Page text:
Photo By Frank YangFrank YangThe “see something new” mandate largely fell apart on the third night of Halifax Pop Explosion, but with good reason; when you get the opportunity to see Basia Bulat perform with a symphony, you take it. Bulat was the third artist to be brought together with Symphony Nova Scotia as part of the Pop Explosion, Ron Sexsmith and Owen Pallett had done so in past years, and it was Pallett who crafted the orchestral arrangements of Bulat’s songs for this performance which took place in the Rebecca Cohn Auditorium on the Dalhousie campus.

The evening was structured more like a symphony concert than a pop one, split into two halves and opening with the symphony performing a piece by Toronto composer Jordan Pal before being joined by Bulat and bandmates Holly Coish on vocals and taropatch and Bobby Bulat on drums. Bulat’s songs have often been called orchestral-pop and often come out of the box lovingly adorned with strings, brass and woodwinds, but the strength of her work comes from the emotional directness of their simple folk hearts. So to hear them with their sonic dressings increased tenfold (or so) was fascinating to witness. Pallett’s treatments took those supporting elements and gave them a new level of animation, sometimes taking hues that were muted and enhancing them to technocolour levels or simply adding all-new shapes and colours and in doing so, inverting the tone of the song completely. The symphony emphasized the shadows lurking on “Heart Of My Own” and practically inverted the usually-joyous “I Was A Daughter” into an elegiac sort of farewell.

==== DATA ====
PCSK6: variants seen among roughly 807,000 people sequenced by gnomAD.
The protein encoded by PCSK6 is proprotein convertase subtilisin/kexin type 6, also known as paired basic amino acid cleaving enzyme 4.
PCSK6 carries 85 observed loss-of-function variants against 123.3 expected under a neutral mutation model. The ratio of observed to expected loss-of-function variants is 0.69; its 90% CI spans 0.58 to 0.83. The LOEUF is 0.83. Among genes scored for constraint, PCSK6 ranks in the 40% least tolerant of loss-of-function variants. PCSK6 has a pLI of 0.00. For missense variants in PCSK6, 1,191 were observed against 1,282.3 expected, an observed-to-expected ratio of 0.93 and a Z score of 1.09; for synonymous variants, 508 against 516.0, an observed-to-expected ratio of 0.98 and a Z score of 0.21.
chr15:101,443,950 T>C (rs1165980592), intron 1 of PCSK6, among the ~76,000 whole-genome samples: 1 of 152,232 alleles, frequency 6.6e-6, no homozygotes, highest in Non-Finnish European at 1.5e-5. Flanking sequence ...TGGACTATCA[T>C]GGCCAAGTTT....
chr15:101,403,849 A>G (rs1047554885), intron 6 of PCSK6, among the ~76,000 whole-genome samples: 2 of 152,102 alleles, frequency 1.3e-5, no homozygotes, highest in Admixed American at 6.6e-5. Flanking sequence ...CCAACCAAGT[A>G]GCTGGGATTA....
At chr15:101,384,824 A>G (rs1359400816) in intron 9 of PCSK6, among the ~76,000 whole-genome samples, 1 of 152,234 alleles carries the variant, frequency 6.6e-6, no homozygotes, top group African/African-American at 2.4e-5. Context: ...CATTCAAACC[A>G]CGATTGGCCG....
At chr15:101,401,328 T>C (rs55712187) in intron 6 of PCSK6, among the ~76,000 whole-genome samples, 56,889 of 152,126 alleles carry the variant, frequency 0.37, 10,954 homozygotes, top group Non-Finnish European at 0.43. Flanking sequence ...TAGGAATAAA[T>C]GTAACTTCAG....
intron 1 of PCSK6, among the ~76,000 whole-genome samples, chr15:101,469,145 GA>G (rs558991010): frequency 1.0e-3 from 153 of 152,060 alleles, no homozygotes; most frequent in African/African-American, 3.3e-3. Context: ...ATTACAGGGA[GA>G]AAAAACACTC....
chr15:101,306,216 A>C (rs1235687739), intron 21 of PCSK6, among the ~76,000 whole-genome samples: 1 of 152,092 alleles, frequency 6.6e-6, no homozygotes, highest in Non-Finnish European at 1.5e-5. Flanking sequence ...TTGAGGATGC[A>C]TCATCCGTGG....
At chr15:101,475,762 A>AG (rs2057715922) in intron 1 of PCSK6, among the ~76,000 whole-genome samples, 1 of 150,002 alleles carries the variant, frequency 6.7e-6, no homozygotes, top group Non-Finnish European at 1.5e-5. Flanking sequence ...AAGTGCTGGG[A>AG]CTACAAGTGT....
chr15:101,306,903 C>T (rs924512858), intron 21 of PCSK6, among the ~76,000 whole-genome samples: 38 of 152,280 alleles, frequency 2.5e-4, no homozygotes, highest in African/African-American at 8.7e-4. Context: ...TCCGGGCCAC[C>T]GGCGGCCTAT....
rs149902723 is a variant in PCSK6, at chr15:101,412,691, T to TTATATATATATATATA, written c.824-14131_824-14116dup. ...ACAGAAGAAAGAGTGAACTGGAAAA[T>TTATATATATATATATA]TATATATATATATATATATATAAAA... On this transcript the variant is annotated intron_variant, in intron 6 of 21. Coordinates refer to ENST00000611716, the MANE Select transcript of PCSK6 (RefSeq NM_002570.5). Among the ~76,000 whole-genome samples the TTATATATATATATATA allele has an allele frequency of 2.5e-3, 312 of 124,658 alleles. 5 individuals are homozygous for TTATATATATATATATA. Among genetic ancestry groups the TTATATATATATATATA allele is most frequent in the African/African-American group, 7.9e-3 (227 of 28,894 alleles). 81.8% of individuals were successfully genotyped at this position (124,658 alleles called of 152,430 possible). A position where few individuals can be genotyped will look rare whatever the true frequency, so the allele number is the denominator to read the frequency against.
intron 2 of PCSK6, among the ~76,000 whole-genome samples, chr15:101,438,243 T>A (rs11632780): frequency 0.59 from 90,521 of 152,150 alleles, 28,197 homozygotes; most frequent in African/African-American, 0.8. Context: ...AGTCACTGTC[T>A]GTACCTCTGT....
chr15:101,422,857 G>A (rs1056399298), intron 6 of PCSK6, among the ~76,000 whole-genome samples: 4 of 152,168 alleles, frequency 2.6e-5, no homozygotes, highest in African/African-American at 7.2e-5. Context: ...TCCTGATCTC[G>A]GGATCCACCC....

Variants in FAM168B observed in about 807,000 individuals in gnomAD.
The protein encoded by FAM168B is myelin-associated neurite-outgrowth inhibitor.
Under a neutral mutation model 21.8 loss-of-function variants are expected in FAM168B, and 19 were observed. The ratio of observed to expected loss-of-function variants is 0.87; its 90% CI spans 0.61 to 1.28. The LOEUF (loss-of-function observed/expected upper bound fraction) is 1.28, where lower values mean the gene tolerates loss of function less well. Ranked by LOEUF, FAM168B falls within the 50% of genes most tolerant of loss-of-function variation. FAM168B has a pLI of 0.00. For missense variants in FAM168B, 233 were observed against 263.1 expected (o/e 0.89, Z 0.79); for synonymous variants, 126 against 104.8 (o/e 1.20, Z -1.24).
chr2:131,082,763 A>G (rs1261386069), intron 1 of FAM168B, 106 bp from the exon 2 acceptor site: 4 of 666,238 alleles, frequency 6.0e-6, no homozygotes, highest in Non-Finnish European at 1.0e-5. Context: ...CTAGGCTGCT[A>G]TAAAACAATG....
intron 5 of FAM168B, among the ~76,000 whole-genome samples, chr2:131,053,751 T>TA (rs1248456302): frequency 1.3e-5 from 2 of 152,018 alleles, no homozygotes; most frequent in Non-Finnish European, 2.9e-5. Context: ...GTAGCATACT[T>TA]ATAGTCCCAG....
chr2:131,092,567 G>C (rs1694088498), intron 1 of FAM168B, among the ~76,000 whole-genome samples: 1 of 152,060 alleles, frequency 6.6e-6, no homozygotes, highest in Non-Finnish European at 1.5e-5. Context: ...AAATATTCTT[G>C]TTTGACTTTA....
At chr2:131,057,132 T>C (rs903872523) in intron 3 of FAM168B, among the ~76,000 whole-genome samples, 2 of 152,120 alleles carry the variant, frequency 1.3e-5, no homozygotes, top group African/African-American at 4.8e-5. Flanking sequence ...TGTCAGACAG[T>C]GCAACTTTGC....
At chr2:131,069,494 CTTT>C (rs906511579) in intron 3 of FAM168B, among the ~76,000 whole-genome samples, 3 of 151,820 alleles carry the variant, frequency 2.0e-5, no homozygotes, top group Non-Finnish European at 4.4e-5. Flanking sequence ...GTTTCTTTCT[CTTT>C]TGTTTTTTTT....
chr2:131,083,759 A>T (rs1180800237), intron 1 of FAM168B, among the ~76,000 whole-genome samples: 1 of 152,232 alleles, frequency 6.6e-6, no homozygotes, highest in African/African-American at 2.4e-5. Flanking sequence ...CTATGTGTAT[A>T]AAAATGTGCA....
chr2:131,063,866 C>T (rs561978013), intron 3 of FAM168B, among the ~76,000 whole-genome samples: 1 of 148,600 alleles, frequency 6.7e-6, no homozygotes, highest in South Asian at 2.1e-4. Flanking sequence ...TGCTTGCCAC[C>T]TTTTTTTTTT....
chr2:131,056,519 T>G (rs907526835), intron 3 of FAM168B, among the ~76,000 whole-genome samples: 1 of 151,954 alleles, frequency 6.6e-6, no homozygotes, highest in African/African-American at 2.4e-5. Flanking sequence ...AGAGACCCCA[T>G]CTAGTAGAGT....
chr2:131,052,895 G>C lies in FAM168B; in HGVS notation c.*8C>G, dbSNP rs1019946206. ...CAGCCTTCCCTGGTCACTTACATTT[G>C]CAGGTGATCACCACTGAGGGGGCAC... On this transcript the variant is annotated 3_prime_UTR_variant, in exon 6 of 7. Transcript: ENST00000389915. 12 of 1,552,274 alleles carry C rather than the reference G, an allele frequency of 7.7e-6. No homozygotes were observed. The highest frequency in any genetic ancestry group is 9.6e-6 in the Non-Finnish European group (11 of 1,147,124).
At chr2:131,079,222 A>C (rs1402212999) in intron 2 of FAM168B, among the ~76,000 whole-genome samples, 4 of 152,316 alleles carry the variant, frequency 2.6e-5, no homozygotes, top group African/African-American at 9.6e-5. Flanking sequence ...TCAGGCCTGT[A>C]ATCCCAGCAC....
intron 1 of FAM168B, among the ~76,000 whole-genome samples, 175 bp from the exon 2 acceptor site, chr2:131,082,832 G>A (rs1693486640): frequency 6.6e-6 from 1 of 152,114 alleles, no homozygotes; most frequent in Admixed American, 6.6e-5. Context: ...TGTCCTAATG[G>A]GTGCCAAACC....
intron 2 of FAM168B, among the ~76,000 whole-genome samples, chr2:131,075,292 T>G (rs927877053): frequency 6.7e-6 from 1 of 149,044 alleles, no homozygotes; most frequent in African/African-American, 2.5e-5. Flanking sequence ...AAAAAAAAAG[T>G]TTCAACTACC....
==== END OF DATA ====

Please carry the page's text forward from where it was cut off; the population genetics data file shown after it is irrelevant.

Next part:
For me, the real test would be “The Shore”, which was pretty much perfect in its austere presentation on Heart Of My Own and was even more stunning in its live solo arrangement. The rearranged version pretty much came out of it a draw, with the timpani and percussion giving it a stirring, tidal rumble but the trilling woodwinds distracting from the song’s emotional heft. And that would largely sum up how the collaborative pieces went – a lot of embellishment and some distraction. When they played together, it could feel trepidatious, particularly rhythmically, as though songs that were used to flitting freely in light Summer dresses were now having to move with heavy, fancy formal wear on. But even so, in the end the pieces were always made winners not by the massive orchestra or Pallett’s contributions, but by Bulat and her songs.

In addition to the eight orchestral pieces, Bulat played a number of selections either with Coish and her brother or solo, and those performances – aided by the theatre’s stunning acoustics – were just as much highlights of the night as those with the symphony. In particular, one of two new songs – “It Can’t Be You” – featured a vocal performance from Bulat that was just jaw-dropping, and the encore-closing unamplified stomp-and-clap of “Death Come Creeping” on the fancy auditorium stage in front of the orchestra, was as wonderful as it was incongruous. More, actually.